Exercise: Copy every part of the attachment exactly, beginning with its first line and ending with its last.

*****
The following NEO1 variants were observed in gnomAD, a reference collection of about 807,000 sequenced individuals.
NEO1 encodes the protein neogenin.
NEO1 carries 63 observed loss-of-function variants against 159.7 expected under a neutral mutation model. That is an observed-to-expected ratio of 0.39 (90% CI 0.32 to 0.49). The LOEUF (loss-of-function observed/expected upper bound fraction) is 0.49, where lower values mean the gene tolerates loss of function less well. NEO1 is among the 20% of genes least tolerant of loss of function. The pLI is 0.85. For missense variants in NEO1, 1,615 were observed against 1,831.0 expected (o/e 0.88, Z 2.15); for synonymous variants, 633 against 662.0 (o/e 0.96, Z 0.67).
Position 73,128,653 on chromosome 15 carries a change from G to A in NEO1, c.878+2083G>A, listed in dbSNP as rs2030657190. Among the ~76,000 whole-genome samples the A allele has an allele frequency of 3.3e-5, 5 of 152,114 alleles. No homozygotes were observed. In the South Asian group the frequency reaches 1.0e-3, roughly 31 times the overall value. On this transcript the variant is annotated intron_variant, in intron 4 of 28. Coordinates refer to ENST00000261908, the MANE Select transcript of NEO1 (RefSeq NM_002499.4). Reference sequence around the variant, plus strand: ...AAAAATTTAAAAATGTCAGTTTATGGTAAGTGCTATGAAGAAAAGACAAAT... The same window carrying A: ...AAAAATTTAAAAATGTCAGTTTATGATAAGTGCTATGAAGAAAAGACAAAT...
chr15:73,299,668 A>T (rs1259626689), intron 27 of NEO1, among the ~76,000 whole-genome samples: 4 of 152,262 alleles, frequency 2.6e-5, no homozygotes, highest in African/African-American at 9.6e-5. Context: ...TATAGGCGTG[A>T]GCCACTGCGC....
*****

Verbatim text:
The following NEO1 variants were observed in gnomAD, a reference collection of about 807,000 sequenced individuals.
NEO1 encodes the protein neogenin.
NEO1 carries 63 observed loss-of-function variants against 159.7 expected under a neutral mutation model. That is an observed-to-expected ratio of 0.39 (90% CI 0.32 to 0.49). The LOEUF (loss-of-function observed/expected upper bound fraction) is 0.49, where lower values mean the gene tolerates loss of function less well. NEO1 is among the 20% of genes least tolerant of loss of function. The pLI is 0.85. For missense variants in NEO1, 1,615 were observed against 1,831.0 expected (o/e 0.88, Z 2.15); for synonymous variants, 633 against 662.0 (o/e 0.96, Z 0.67).
Position 73,128,653 on chromosome 15 carries a change from G to A in NEO1, c.878+2083G>A, listed in dbSNP as rs2030657190. Among the ~76,000 whole-genome samples the A allele has an allele frequency of 3.3e-5, 5 of 152,114 alleles. No homozygotes were observed. In the South Asian group the frequency reaches 1.0e-3, roughly 31 times the overall value. On this transcript the variant is annotated intron_variant, in intron 4 of 28. Coordinates refer to ENST00000261908, the MANE Select transcript of NEO1 (RefSeq NM_002499.4). Reference sequence around the variant, plus strand: ...AAAAATTTAAAAATGTCAGTTTATGGTAAGTGCTATGAAGAAAAGACAAAT... The same window carrying A: ...AAAAATTTAAAAATGTCAGTTTATGATAAGTGCTATGAAGAAAAGACAAAT...
chr15:73,299,668 A>T (rs1259626689), intron 27 of NEO1, among the ~76,000 whole-genome samples: 4 of 152,262 alleles, frequency 2.6e-5, no homozygotes, highest in African/African-American at 9.6e-5. Context: ...TATAGGCGTG[A>T]GCCACTGCGC....